DreamWorks Animation to Adapt LIDSVILLE for the Big Screen

DreamWorks Animation announced today that they will be adapting the 1970's Sid and Marty Kroft tv series Lidsville for the big screen as an animated feature length film. The movie will follow the premise of the original television series, about a young rebellious kid who falls into an alternate reality world of living hats and talking caps. 

I never watched this tv series, but it looks like a nightmare brought to life. Here's a detailed description:

The show involved a teenage boy named Mark who fell into the hat of Merlo the Magician and arrived in Lidsville, a land of living hats. The hats on the show are depicted as having the same roles as the humans who would normally wear them. For example, a cowboy hat would act and speak like a cowboy. The characters' houses were also hat-shaped.

The villain of the show was a magician named Horatio J. HooDoo (also played by Charles Nelson Reilly in a magician's costume and make-up). Among other notable characters were Raunchy Rabbit, Weenie the Genie, and Rah-Rah the football helmet.

The vain, short-tempered, but somewhat naive HooDoo flew around in his Hatamaran, blasting the good citizens of Lidsville with bolts of magic (referred to as "zapping") and keeping them in fear, demanding that they pay him their Hat Checks. Mark helped the good hats resist as he attempted to find a way back home. HooDoo, trying to reclaim control of the androgynous Weenie from Mark, often enlisted the services of four Bad Hats consisting of Mr. Big,Captain Hooknose, Bela the Vampire's Cowl, and Boris the Executioner's Hood. In his high hat home, HooDoo was besieged by the taunting music of the Hat Band, as well as all of his talking knicknacks (the parrot, Mr. Skull, the mounted alligator head, the sawed-in-half lady, to list only a few). HooDoo also experienced further aggravation at the hands of his aides, the dim Raunchy Rabbit and his two-faced card guard, Jack of Clubs (a walking deck of playing cards). HooDoo watched the action going on in downtown Lidsville from his hat home by using his Evil Eye, a device similar to a TV set, but resembling an eyeball. He also had a hot hatline phone. The show relied on an endless array of puns based on hats.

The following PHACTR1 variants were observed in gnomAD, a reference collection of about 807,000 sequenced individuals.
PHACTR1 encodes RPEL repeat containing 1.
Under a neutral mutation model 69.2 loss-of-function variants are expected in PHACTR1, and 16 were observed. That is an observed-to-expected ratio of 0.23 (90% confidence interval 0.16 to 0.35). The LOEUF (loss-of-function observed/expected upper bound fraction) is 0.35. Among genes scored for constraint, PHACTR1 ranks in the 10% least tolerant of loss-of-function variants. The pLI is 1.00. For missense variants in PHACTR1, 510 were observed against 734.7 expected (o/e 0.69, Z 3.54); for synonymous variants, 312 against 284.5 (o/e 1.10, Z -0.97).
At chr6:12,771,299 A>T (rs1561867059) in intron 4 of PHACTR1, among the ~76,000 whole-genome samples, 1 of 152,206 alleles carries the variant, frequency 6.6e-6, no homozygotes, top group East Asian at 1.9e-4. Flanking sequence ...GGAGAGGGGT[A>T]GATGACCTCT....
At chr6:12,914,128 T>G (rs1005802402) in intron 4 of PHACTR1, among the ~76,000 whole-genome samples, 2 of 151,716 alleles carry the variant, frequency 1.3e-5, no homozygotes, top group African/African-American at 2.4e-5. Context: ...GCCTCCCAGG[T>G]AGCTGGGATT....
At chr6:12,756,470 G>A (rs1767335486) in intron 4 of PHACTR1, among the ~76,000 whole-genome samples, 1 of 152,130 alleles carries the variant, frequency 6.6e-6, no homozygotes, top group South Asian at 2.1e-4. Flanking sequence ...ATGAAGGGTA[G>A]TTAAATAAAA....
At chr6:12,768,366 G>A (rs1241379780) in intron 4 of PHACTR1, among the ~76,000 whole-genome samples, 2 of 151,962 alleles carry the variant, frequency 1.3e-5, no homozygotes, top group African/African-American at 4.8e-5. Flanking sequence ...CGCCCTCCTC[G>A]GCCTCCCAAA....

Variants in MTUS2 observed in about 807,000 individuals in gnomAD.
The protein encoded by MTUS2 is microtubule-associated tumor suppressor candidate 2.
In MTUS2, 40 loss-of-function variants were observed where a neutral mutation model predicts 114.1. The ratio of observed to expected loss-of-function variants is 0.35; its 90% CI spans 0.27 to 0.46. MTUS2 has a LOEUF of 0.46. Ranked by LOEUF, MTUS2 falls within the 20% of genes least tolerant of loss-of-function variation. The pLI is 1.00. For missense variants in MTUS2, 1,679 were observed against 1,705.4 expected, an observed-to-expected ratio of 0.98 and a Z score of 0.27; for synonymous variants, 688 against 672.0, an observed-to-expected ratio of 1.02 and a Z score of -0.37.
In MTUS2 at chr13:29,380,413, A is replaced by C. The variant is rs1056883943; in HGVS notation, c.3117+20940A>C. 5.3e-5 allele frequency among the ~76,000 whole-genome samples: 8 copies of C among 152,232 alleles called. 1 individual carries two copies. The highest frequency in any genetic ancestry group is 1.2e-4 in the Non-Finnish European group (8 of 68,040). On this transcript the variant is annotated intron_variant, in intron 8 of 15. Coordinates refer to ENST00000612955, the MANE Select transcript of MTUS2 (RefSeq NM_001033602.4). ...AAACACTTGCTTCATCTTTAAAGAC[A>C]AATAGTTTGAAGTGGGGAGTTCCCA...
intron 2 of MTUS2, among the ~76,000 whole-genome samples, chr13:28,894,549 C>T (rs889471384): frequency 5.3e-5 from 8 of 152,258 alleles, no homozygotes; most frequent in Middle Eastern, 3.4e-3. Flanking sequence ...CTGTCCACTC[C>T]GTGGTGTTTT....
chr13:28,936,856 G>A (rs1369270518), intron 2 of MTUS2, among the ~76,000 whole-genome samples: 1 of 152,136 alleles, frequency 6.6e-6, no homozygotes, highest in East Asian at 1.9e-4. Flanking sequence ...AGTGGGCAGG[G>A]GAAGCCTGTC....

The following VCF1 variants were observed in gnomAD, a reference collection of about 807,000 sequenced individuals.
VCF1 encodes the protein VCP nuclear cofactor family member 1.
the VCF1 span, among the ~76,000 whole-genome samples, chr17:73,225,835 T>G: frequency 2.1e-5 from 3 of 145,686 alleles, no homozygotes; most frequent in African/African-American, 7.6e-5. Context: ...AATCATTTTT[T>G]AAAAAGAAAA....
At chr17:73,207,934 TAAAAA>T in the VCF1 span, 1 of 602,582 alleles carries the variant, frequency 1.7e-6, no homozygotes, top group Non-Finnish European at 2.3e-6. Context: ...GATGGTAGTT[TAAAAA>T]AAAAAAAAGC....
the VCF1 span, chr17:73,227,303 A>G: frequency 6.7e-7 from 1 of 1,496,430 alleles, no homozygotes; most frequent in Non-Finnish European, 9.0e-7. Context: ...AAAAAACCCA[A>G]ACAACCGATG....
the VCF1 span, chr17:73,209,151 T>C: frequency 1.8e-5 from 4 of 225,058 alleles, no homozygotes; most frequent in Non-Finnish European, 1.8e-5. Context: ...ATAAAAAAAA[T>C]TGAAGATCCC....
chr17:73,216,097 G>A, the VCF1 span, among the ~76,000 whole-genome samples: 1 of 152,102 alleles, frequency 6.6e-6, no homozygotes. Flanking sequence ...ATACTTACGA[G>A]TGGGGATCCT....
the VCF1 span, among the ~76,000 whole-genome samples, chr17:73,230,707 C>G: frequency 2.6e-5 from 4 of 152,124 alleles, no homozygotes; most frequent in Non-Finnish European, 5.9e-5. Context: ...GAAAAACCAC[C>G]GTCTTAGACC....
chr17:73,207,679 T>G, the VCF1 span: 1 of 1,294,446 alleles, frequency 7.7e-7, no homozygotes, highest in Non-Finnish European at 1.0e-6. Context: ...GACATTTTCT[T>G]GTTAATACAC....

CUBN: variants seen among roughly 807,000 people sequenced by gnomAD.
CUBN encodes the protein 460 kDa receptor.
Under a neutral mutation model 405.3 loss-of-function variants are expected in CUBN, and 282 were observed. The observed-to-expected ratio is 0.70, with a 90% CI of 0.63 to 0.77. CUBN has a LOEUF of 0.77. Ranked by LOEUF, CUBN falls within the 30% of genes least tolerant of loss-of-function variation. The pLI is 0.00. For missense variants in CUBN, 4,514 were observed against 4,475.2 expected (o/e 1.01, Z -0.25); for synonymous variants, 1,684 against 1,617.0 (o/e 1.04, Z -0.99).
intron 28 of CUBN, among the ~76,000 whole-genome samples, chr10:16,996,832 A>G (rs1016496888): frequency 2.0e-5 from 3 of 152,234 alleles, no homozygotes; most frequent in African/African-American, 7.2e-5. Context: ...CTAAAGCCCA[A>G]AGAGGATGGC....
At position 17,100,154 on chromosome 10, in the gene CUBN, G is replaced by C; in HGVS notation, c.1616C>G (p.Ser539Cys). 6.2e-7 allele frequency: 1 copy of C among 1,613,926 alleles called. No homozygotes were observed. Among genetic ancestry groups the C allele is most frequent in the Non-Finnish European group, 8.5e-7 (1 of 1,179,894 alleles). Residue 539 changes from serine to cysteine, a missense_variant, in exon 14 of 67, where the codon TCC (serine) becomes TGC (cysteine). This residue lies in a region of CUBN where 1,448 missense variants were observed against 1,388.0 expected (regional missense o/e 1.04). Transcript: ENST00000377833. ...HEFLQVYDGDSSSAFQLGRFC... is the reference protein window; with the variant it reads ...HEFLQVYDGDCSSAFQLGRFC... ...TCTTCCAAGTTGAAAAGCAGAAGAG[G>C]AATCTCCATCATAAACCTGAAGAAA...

Many of the episodes were about Mark trying to get back home, but the evil HooDoo prevented him from leaving. Weenie, being a nervous bumbler, was, in fact, a genie, but many of the tricks and spells didn't work right anymore after being a slave to HooDoo for so long. In the show's final episode, scenes from some of the past episodes were featured, as HooDoo's mother had paid a visit to find out what has been going on in Lidsville. Unfortunately for Mark, he did not return home at the end.

Music was also a part of the show, with songs being performed by the characters in several episodes.

This should make for a really interestingly trippy movie. 

From the official Press Release:

Conrad Vernon (Monsters vs. Aliens, Shrek 2)--animation veteran and lifelong fan of the Krofft's work--brought the project to DreamWorks Animation. Brothers Sid & Marty Krofft will serve as executive producers. Vernon, DreamWorks Animation's head of development Alex Schwartz and development executive Chris Kuser are overseeing the project at the studio.

"Sid and I have had a longstanding relationship with Jeffrey Katzenberg and we're excited to bring 'Lidsville' to DreamWorks Animation," said Marty Krofft. "It's incredible to envision a high-quality 3D animated movie being made out of one of our favorite shows."

"The Krofft brothers helped define a generation with the wildly imaginative characters and worlds they created," said Alex Schwartz, head of development for DreamWorks Animation. "I am thrilled that Conrad is joining forces with them on the first animated feature film adaptation of their work."

"Over the past year I've had the privilege of working with and getting to know Sid and Marty and I thought their brand of crazy kookiness would work well at DreamWorks Animation," added Vernon.

Lidsville will take inspiration from the premise of the original television series, in which a young rebellious kid falls into an alternate reality world of living hats and talking caps. The Los Angeles public TV station KCET Kids & Family Channel recently announced that it will feature the "Lidsville" television series in an all-new "The Sid & Marty Krofft Hour" together with H.R. Pufnstuf during its weekend programming block on Saturday and Sunday mornings from 9:30-10:30 a.m.

Here's the opening sequence to the tv series.

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